For five seasons, it was the most popular show in the world, giving viewers around the globe the idea that if they came to Las Vegas, there was a good chance they’d be elaborately murdered.
But since all grisly things must come to an end, “CSI: Crime Scene Investigation” will wrap up Sept. 27 with a two-hour movie featuring the return of original cast members William Petersen and Marg Helgenberger.
Current leading man Ted Danson will then move over to join Patricia Arquette on the spinoff, “CSI: Cyber.”
Chaparral High School and UNLV graduate Anthony Zuiker, who was driving the Mirage tram at the time, stumbled across an episode of Discovery Channel’s “The New Detectives” and became fascinated with forensic science. In 2000, “CSI” was born and almost single-handedly led CBS to its current ratings domination and its reliance on crime procedurals.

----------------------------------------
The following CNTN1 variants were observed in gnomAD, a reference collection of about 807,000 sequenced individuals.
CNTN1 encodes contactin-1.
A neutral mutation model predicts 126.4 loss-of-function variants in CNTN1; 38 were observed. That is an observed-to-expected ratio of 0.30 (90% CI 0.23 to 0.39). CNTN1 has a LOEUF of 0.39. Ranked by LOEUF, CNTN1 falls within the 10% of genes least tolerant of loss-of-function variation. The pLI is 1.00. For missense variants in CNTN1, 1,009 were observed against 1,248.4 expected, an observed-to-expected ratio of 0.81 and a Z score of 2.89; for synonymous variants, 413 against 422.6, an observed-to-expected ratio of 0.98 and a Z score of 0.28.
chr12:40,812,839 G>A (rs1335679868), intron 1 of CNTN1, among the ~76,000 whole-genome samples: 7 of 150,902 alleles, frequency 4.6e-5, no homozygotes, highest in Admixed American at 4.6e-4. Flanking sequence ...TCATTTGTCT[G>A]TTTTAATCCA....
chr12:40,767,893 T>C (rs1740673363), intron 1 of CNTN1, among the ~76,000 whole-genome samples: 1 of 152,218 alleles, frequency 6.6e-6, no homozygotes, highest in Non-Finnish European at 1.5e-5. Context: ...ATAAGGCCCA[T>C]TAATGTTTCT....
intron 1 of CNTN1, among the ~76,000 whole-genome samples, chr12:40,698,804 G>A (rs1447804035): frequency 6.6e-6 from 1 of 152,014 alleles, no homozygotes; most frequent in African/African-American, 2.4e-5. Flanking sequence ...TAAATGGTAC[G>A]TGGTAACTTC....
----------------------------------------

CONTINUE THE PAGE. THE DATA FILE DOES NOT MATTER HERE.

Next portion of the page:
Speaking to the Review-Journal last fall, Zuiker recalled the show’s humble beginnings.
“Most casinos were very, very resistant to having ‘CSI’ shoot inside of them. We got as far as exteriors to several casinos, just for promotional purposes,” he said. “Because the sensitivity back then was, ‘People don’t die in hotels in Las Vegas. And, for that matter, people don’t die in Las Vegas, period.’ It was pretty much across the board.”
But when viewership took off, Zuiker credited locals casinos, including the Rampart and Green Valley Ranch, for realizing the marketing potential.
“These places began to go, ‘You know what? If you’re going to put us in front of 20 million people, hang these bodies from the rafters. We don’t care. Just get in here and shoot.’”
According to Zuiker, someone is watching “CSI” somewhere in the world every second, with a daily audience of 70.8 million people.
Contact Christopher Lawrence at email@example.com. Follow him on Twitter: @life_onthecouch.